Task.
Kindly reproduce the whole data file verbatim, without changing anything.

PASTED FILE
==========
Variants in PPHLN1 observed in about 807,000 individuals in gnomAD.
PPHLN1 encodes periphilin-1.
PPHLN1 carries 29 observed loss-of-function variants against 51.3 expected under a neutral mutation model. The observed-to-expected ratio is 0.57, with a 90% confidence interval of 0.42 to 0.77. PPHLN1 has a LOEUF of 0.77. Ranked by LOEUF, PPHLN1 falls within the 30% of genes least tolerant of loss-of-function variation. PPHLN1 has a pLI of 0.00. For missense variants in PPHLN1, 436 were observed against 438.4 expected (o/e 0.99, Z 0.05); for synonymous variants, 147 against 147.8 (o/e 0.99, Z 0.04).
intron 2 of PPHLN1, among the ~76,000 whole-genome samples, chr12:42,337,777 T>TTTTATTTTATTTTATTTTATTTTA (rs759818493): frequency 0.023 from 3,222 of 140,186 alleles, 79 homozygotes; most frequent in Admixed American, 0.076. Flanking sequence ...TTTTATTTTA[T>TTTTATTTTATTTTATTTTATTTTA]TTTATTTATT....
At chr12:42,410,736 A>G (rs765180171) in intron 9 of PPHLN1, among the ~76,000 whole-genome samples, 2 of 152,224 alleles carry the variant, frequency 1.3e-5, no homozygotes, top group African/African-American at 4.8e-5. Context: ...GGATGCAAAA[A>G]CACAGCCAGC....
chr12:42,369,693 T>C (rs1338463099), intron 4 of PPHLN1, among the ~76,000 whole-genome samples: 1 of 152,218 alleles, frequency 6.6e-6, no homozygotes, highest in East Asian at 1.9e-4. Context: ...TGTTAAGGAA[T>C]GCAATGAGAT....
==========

Variants in PPHLN1 observed in about 807,000 individuals in gnomAD.
PPHLN1 encodes periphilin-1.
PPHLN1 carries 29 observed loss-of-function variants against 51.3 expected under a neutral mutation model. The observed-to-expected ratio is 0.57, with a 90% confidence interval of 0.42 to 0.77. PPHLN1 has a LOEUF of 0.77. Ranked by LOEUF, PPHLN1 falls within the 30% of genes least tolerant of loss-of-function variation. PPHLN1 has a pLI of 0.00. For missense variants in PPHLN1, 436 were observed against 438.4 expected (o/e 0.99, Z 0.05); for synonymous variants, 147 against 147.8 (o/e 0.99, Z 0.04).
intron 2 of PPHLN1, among the ~76,000 whole-genome samples, chr12:42,337,777 T>TTTTATTTTATTTTATTTTATTTTA (rs759818493): frequency 0.023 from 3,222 of 140,186 alleles, 79 homozygotes; most frequent in Admixed American, 0.076. Flanking sequence ...TTTTATTTTA[T>TTTTATTTTATTTTATTTTATTTTA]TTTATTTATT....
At chr12:42,410,736 A>G (rs765180171) in intron 9 of PPHLN1, among the ~76,000 whole-genome samples, 2 of 152,224 alleles carry the variant, frequency 1.3e-5, no homozygotes, top group African/African-American at 4.8e-5. Context: ...GGATGCAAAA[A>G]CACAGCCAGC....
chr12:42,369,693 T>C (rs1338463099), intron 4 of PPHLN1, among the ~76,000 whole-genome samples: 1 of 152,218 alleles, frequency 6.6e-6, no homozygotes, highest in East Asian at 1.9e-4. Context: ...TGTTAAGGAA[T>C]GCAATGAGAT....